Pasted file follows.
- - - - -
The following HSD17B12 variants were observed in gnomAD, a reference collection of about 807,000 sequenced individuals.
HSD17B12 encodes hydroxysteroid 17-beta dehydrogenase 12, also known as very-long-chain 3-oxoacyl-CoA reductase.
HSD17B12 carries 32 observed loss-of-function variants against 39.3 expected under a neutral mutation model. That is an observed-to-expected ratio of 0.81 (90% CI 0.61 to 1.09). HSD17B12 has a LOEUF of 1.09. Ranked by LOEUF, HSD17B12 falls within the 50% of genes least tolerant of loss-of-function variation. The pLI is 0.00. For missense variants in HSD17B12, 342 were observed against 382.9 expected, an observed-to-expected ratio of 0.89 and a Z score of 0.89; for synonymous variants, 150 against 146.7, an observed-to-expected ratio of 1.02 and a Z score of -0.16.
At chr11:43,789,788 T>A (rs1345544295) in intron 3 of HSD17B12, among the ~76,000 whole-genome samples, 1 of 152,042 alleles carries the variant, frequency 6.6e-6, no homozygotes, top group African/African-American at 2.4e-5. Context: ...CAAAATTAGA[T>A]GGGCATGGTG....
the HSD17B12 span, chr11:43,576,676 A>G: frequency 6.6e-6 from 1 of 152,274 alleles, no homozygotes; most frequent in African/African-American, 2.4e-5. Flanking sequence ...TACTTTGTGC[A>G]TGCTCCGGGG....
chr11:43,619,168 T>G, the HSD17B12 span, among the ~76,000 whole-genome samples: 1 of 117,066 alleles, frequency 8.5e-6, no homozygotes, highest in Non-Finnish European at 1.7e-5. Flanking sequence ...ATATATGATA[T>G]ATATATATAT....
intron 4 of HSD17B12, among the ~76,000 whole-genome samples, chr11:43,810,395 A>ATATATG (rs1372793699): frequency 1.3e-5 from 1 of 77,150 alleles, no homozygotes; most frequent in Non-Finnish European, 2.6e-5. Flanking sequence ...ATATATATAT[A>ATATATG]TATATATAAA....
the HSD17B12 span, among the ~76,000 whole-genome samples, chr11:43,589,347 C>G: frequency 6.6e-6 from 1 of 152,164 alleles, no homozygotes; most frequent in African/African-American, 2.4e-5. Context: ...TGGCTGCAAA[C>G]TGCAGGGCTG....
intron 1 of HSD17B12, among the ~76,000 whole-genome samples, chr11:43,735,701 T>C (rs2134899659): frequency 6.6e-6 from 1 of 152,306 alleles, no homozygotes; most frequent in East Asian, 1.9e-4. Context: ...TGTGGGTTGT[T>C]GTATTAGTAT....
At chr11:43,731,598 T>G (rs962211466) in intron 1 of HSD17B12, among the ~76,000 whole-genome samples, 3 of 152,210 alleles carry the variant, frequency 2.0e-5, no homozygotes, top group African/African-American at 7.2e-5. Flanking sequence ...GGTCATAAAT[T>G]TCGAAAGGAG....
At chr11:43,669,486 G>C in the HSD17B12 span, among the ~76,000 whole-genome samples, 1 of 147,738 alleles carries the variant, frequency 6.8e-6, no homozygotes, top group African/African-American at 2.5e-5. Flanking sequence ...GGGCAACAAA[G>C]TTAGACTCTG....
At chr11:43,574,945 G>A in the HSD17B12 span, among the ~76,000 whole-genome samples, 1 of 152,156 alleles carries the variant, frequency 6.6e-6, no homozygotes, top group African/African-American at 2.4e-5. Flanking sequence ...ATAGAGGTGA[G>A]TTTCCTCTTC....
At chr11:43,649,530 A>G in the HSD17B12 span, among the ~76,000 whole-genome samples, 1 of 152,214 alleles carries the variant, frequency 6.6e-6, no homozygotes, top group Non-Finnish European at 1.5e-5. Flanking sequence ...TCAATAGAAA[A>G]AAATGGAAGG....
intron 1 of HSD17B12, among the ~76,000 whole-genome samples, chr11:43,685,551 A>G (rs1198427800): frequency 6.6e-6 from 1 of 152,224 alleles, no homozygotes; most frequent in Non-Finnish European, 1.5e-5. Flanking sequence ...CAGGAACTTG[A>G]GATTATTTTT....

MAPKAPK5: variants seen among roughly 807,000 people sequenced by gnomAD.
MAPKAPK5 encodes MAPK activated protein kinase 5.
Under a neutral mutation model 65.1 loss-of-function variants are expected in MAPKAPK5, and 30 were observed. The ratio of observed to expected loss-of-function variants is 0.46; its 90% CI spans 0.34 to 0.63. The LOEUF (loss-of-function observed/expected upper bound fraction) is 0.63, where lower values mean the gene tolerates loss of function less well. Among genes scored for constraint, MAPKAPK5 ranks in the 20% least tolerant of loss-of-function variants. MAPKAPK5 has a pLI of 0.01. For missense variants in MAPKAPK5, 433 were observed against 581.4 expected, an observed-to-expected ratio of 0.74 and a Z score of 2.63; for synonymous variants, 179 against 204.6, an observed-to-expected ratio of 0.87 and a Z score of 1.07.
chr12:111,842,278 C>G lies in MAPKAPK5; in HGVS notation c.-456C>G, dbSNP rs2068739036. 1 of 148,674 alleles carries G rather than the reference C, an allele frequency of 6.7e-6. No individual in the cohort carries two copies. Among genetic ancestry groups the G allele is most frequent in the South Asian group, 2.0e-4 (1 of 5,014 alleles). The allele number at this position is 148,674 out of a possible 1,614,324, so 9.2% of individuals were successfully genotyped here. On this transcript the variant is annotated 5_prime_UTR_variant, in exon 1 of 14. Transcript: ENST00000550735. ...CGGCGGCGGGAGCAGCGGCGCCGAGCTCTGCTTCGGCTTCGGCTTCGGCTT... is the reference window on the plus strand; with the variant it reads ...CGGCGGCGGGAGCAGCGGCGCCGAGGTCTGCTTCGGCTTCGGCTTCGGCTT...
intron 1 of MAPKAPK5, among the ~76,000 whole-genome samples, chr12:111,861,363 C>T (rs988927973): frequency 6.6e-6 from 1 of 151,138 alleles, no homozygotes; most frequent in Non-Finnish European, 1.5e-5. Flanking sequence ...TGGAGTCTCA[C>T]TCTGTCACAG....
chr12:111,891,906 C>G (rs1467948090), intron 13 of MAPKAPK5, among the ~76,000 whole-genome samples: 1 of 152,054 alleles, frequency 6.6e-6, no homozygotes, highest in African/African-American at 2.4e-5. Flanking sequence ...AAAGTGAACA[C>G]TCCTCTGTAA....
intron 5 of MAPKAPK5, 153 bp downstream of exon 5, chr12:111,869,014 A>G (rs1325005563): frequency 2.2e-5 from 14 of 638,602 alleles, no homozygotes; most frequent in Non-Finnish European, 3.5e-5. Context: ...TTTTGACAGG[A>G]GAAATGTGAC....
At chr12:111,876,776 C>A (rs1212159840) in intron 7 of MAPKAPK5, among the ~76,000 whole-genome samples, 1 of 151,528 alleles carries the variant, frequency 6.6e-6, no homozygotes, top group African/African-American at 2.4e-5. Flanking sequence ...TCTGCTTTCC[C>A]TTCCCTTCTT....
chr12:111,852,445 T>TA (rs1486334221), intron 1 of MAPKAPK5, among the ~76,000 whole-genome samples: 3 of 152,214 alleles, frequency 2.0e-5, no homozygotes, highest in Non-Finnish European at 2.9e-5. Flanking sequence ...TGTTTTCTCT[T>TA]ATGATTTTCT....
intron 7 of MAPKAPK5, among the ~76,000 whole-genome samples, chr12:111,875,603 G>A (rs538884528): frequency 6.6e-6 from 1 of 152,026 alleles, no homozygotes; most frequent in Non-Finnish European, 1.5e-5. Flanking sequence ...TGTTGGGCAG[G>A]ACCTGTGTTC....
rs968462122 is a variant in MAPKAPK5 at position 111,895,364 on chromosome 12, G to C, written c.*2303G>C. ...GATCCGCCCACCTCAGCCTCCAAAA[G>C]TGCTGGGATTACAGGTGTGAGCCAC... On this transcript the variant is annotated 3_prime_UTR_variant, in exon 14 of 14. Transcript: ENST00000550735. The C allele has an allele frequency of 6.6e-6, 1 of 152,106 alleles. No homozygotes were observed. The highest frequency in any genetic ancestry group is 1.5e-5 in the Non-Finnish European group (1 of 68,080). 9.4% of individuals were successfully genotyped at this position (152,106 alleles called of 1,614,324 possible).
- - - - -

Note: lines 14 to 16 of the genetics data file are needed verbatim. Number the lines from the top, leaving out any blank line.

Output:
intron 1 of HSD17B12, among the ~76,000 whole-genome samples, chr11:43,685,551 A>G (rs1198427800): frequency 6.6e-6 from 1 of 152,224 alleles, no homozygotes; most frequent in Non-Finnish European, 1.5e-5. Flanking sequence ...CAGGAACTTG[A>G]GATTATTTTT....

MAPKAPK5: variants seen among roughly 807,000 people sequenced by gnomAD.
MAPKAPK5 encodes MAPK activated protein kinase 5.